Democracy is a good thing. It may, on occasion, produce results which we don’t necessarily like but everyone can come to respect a decision if it has been dealt with in a genuinely democratic way.
The Liberal Party was founded on fundamentally democratic principles designed to give the forgotten people a voice. It continues to largely reflect this foundation principle.
Regrettably though, recent backroom manoeuvres in NSW have exposed a long-running issue in the state which continues to go unresolved where schemers, professional political hacks and lobbyists wield a disproportionate amount of power, including over preselections.
Indeed, it’s this culture that cost us the 2010 election by having preselections stalled until only a month before the election. This culture is continuing unabated with moves afoot to unseat a number of excellent performers in the parliament. Just two examples will suffice.
Senator Concetta Fierravanti-Wells has been an outstanding contributor to the parliament, the shadow ministry and now the ministry. Unlike others, she earned her stripes in Opposition pursuing, among other issues, the corrupt Health Services Union. She is well respected both in the parliament and in the community and has taken on an important and sensitive task in the national security space.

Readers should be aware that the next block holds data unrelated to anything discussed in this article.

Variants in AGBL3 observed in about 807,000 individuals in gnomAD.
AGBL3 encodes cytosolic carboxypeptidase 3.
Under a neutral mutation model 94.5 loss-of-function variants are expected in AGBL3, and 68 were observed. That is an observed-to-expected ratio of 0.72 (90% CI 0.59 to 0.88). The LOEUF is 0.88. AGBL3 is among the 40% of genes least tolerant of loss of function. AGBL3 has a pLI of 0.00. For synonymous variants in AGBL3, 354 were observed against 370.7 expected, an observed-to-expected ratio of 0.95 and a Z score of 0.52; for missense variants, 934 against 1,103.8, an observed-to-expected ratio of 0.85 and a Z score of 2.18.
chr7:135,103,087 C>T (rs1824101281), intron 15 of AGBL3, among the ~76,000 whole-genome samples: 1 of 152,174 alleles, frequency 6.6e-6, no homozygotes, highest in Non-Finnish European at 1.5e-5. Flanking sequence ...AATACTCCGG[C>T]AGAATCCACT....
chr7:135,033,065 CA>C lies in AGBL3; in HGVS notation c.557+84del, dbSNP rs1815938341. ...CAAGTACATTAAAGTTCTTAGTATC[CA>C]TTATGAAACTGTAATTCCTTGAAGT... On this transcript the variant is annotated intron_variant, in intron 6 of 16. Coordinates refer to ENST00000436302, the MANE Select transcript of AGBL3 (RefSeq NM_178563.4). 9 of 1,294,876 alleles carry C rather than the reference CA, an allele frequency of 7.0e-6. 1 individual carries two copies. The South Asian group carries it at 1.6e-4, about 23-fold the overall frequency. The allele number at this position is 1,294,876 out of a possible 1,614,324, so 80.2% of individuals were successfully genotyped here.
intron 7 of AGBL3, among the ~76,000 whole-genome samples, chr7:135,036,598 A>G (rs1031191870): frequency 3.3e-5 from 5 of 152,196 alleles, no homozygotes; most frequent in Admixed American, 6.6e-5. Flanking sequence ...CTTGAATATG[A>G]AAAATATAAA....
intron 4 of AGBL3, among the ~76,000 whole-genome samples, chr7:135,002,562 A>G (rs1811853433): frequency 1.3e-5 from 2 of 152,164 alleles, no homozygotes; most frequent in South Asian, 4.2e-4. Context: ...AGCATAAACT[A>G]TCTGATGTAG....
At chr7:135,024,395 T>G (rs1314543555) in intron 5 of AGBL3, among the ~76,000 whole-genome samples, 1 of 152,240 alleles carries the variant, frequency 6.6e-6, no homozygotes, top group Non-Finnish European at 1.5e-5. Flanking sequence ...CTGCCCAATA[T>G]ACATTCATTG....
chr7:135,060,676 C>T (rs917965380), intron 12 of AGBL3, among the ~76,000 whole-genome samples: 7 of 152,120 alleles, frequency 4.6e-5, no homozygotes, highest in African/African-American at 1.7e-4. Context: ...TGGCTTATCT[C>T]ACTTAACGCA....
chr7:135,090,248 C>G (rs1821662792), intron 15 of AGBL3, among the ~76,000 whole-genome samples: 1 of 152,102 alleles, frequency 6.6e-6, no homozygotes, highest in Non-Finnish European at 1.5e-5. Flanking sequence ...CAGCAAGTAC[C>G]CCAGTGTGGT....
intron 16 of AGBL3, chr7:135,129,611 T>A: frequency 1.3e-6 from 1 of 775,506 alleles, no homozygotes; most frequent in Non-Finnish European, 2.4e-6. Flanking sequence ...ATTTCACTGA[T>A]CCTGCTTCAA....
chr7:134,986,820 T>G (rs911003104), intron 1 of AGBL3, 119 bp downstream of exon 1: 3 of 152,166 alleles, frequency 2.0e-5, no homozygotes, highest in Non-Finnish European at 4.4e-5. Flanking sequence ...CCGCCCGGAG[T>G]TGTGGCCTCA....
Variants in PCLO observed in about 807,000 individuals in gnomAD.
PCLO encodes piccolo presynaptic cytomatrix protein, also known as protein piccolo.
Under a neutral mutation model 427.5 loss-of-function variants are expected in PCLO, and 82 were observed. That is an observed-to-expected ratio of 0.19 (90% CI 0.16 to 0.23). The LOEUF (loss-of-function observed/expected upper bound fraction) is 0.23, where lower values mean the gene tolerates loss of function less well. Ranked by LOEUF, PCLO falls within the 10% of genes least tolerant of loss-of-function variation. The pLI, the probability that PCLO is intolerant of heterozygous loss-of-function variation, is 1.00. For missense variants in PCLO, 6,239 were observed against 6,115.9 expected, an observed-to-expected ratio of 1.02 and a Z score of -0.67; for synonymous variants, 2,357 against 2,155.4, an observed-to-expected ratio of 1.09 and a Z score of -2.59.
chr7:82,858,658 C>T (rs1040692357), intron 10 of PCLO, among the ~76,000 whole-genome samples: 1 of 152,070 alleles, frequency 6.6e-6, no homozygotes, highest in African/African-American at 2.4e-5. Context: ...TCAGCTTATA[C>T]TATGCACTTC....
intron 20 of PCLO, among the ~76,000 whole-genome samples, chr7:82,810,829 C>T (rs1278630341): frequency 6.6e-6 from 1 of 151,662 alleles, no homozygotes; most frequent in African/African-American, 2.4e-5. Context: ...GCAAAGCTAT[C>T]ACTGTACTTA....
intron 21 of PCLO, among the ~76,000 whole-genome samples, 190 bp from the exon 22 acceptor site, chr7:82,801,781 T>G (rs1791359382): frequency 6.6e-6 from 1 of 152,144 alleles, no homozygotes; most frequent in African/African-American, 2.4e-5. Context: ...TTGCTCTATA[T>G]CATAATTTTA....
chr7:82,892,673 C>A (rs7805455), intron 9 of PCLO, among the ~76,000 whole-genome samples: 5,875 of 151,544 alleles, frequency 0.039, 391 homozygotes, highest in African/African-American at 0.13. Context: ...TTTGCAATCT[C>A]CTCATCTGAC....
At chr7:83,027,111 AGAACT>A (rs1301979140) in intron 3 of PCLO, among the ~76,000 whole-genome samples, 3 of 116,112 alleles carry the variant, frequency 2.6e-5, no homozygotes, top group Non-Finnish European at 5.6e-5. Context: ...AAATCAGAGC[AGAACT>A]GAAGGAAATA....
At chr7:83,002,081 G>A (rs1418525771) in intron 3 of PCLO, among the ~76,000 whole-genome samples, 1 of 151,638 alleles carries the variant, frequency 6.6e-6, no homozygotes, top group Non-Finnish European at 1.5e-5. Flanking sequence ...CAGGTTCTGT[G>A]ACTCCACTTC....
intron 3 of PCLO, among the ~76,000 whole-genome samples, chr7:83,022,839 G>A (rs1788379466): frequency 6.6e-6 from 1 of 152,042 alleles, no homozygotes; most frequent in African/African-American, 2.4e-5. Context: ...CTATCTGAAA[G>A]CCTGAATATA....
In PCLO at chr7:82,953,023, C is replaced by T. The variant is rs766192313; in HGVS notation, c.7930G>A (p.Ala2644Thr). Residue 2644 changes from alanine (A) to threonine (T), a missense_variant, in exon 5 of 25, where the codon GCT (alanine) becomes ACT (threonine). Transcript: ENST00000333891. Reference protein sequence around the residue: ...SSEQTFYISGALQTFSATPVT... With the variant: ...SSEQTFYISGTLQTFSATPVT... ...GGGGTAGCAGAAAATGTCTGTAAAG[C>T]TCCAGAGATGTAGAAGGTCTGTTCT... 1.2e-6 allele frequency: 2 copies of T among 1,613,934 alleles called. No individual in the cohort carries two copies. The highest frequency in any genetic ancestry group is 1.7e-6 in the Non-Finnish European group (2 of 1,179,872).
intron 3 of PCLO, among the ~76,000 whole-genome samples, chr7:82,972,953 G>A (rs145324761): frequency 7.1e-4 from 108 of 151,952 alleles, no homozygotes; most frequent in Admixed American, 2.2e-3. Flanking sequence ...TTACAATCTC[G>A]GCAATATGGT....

Angus Taylor, while relatively new to parliament, has proven himself an intelligent and robust performer who makes an outstanding contribution. It is clear to anyone who interacts with him that he is destined for bigger and better things.
Any talk of disendorsing such proven performers should be laughable. Yet the threats are sadly serious.
Malcolm Turnbull is therefore right to have intervened to protect performing sitting members from cynical and manipulative power plays by unrepresentative elites.
But this is only a temporary solution. The NSW Liberal Party needs to jettison its Sussex Street-style operations in favour of giving the membership a say.
More than 20 years ago as Tasmanian Liberal state president, I ushered in plebiscites for House of Representatives endorsements and substantially expanded the role of the membership in Senate preselections. This has allowed our division to grow and be respected as the most democratic party in Tasmania.
Members know that they have genuine control and as a result senators and members are more in tune with the party base. Most other state and territory divisions of the Liberal Party have followed a comparable model, which has seen a similar result.
Then prime minister Tony Abbott took action in 2013 to ensure that the errors of 2010 weren’t repeated and now Turnbull has had to intervene. Prime ministerial interventions can only go on for so long.
It is mission critical that the NSW division takes immediate steps to give the rank and file genuine access to preselections. The unseemly use of “emergency powers” and the burning of hundreds of thousands of dollars in legal costs in fighting and losing court actions brought by disgruntled members with scathing judicial findings should provide an impetus.
The only people who fear the rank and file are those who know they do not enjoy their support.
Eric Abetz is a Liberal Senator for Tasmania.